This is especially important for laptop users and employees who work at home.


Guidelines and Responsibilities

In general, the HCC community may use the College’s Systems (including authorized personally owned computers or devices connected to the HCC network) in connection with the College’s core teaching, research, and service missions. Under no circumstances may members of the HCC community use the College’s Systems in ways that are unethical or illegal, that threaten the College’s status, or that interfere with reasonable use by other members of the HCC community. Any use of the College’s Systems for pornographic, offensive, harassing or commercial purposes (including private/ personally owned businesses) is strictly forbidden.

The following examples, though not covering every situation, are also prohibited: 

  • Use College's network resources to gain or attempt to gain unauthorized access to remote computers.
  • Attempt to circumvent data protection schemes or uncover security loopholes.
  • Monitor another user's data communications.
  • Read, copy, change, or delete another user's files or software without permission of the owner.
  • Share or loan an account to any individual not assigned to it. All user accounts, including logon, e-mail access, and network storage are for use by the individual or individuals assigned.
  • Acquire, reproduce, distribute or share unauthorized copies of copyright materials (including peer-to-peer file sharing). Penalties for violation of copyright laws include fines and/or criminal prosecution.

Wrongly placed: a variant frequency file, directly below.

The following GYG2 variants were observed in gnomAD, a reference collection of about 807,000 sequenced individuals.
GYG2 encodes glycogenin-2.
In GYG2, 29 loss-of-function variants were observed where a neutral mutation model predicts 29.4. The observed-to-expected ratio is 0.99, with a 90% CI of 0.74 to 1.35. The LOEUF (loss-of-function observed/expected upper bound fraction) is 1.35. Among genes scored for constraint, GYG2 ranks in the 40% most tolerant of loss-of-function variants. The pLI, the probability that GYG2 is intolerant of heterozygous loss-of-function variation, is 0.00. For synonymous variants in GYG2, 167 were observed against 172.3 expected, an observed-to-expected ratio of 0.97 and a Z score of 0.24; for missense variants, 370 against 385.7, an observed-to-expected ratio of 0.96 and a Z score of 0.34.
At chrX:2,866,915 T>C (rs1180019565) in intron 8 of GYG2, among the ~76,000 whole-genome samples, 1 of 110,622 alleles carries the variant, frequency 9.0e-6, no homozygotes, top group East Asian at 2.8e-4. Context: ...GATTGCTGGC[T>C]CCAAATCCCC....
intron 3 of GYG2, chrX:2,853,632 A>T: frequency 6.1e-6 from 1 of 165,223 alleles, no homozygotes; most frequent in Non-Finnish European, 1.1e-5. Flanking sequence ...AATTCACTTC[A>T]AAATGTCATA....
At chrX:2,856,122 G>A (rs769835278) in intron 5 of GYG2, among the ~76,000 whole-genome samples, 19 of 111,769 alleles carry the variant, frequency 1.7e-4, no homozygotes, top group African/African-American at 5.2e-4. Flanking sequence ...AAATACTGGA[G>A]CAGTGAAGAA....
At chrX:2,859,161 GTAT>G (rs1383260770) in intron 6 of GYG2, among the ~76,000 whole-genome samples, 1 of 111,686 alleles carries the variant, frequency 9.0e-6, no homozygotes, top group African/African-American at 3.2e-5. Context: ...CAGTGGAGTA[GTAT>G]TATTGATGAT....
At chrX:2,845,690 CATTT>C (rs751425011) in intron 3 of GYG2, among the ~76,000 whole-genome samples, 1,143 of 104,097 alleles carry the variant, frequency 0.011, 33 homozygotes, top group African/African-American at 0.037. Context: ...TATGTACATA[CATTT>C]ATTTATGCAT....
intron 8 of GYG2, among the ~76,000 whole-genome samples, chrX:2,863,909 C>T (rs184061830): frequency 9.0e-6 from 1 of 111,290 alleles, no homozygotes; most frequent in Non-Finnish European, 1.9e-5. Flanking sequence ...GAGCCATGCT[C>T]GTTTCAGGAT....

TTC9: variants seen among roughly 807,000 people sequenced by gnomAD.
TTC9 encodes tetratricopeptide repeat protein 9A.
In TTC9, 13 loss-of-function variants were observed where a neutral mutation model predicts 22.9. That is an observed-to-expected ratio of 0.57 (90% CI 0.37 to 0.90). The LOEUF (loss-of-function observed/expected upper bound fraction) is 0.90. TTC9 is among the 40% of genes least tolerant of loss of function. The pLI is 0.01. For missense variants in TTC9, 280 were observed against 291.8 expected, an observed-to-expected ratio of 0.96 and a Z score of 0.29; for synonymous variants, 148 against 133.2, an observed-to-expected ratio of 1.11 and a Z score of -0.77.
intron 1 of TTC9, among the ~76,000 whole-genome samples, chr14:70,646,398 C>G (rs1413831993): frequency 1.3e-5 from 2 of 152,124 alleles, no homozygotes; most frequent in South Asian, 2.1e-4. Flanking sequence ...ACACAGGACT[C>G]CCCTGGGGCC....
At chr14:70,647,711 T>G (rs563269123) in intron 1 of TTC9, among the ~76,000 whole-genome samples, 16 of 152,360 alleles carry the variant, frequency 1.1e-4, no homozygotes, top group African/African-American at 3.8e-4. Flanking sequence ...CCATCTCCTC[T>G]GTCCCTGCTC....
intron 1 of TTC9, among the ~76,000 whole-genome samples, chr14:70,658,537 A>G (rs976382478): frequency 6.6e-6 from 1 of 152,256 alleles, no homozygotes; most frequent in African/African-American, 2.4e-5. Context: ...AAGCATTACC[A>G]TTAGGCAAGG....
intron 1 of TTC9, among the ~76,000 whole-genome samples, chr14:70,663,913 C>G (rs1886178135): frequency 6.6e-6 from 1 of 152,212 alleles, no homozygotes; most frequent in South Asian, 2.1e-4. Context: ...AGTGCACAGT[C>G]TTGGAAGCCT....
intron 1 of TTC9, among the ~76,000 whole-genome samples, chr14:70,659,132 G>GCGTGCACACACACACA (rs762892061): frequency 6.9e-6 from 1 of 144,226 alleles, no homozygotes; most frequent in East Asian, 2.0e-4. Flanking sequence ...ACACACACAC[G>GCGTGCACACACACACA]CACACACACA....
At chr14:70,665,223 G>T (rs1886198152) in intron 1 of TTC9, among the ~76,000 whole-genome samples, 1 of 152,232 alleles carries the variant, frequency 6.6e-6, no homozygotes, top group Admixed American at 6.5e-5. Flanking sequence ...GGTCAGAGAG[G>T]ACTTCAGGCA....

• Intentionally make changes to software or hardware, which damages or disrupts a computing system, alters its normal performance, or causes it to malfunction.
  • Harass or threaten others by sending annoying, threatening, libelous, or sexually, racially, or religiously offensive e-mail messages.
  • Knowingly tamper with, obstruct, or impair the availability of HCC resources, or attempt to do so.
  • Knowingly send a crippling number of files across the network; introduce damaging, self-propagating, or otherwise harmful software into a machine or a network.
  • Knowingly hoard computer, network, or print resources in an attempt to deliberately degrade performance or deny service to others in the campus community.
  • Install unauthorized or unlicensed software.
  • Attempt to circumvent or interfere with established network security.
  • Run unauthorized password cracking or virus generating programs on HCC computing systems. 
  • Physically attach any personally owned computer equipment to any device on the campus networks without the specific authorization of the Vice President for Information Technology. This excludes laptop/tablet computers, PDA’s, and USB/Firewire storage devices whose use has already been authorized by the Vice President for Information Technology so long as they are being used in accordance with these guidelines.